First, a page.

|The word carillon dates back to at least 1775, meaning a "set of tuned, stationary bells sounded by means of a keyboard or other machinery."
|I am interested in restoring Vibrachimes. If you have an old unit, parts, documentation or even sales material just gathering dust, send me an email!
The Mass-Rowe Vibrachime is composed of a keyboard, a set of chime rods and strikers,
an amplifier and a speaker.
Inside a hinged wooden cabinet, electromechanical strikers hit the bent end of heavy gauge wire rods, where each wire is cut to a specific length to produce a particular note.
The Model 80 (pictured here) has 21 wire rods that are tuned with a strong major third partial.
(From right to left)
|Individual strikers slide in an electromagnetic field and impact the end of a tuned rod. A loop of felt cloth keeps the rod and striker roughly aligned and serves as a damper to silence the rod.
The keyboard is basically a switch array (one per rod) plus a volume control and pilot (power) light.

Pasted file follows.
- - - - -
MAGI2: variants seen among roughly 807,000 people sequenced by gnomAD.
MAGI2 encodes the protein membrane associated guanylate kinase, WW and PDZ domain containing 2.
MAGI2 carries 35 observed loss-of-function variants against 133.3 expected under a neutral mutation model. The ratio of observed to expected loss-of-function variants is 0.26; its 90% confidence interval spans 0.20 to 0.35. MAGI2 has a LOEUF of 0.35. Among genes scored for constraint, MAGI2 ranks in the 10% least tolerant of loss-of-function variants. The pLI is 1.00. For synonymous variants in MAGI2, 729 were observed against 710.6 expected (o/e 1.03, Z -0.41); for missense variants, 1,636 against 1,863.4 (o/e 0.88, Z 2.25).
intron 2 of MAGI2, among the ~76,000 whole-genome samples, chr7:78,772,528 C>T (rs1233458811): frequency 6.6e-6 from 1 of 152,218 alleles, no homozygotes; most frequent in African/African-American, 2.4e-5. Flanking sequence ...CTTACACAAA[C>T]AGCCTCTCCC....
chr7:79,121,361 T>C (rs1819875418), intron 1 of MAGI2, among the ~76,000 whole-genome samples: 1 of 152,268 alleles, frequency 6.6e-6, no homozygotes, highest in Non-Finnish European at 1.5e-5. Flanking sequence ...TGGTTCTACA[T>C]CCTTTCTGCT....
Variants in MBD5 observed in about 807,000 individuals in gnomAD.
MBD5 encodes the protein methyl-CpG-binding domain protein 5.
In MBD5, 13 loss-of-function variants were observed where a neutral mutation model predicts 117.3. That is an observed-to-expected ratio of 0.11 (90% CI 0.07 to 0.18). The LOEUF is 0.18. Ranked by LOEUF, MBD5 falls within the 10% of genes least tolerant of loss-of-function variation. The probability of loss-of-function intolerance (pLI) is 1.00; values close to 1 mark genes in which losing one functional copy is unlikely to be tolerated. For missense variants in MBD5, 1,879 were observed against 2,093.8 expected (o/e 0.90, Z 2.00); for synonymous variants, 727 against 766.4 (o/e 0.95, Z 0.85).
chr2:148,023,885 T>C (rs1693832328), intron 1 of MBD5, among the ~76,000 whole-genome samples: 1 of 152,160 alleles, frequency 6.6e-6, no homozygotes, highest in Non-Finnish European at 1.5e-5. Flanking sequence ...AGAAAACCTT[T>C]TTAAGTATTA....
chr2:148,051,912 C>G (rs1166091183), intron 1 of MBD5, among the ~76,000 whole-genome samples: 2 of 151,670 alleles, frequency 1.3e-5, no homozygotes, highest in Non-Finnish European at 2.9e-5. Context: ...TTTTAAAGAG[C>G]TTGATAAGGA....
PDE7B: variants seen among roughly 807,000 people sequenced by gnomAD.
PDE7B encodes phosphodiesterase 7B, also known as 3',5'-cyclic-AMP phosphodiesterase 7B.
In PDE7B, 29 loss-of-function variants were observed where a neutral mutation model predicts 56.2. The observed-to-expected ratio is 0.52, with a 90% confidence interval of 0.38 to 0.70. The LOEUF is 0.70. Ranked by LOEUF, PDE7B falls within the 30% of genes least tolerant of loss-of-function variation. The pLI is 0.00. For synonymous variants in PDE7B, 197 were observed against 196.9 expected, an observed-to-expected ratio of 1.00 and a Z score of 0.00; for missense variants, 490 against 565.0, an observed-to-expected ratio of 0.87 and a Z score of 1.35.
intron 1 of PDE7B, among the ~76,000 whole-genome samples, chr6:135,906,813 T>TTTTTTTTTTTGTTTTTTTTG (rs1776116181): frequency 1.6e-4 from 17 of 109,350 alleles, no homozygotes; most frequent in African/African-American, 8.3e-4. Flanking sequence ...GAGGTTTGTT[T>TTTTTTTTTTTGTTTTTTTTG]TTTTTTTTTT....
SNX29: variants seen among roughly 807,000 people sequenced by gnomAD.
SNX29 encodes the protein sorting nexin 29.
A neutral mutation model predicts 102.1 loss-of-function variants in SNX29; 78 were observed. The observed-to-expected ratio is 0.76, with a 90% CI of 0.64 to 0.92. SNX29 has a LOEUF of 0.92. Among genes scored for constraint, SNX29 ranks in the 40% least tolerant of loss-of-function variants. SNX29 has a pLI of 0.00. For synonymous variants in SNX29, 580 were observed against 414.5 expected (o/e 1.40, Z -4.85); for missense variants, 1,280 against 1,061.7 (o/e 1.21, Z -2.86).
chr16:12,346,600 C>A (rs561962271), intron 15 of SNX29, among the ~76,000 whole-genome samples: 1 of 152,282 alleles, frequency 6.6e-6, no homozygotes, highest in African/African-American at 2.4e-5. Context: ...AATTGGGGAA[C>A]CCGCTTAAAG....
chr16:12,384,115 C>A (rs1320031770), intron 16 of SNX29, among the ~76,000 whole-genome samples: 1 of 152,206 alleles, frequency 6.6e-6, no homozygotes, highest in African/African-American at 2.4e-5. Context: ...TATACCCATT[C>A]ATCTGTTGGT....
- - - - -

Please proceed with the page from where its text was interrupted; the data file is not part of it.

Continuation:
There is a separate cable with an RCA plug for connection to an external amplifier.
Note from 2005:
The Maas of the Maas-Rowe duo was Louie Maas. He started out working installing and repairing Wurlitzer pipe organs and Robert Mortons on the west coast in the Los Angeles area. He ultimately established his own organ shop. His principal claim to fame was removing organs from older, lesser theatres and reinstalling them in new theatres mainly for Fox West Coast theatres. Fox had a policy for quite a few years after sound films came on the scene that any new theatre they built there had to be a organ ready for the grand opening. Louis installed a lot of organs in the early 30s including the Fox Beverly Hills, the Phoenix AZ Fox and probably the Tucson Fox. Very interesting article on Louie in the ATOS magazine about 2 years back. He often took two small organs of 4-5 ranks and combined the best ranks from each to form the 'new' organ.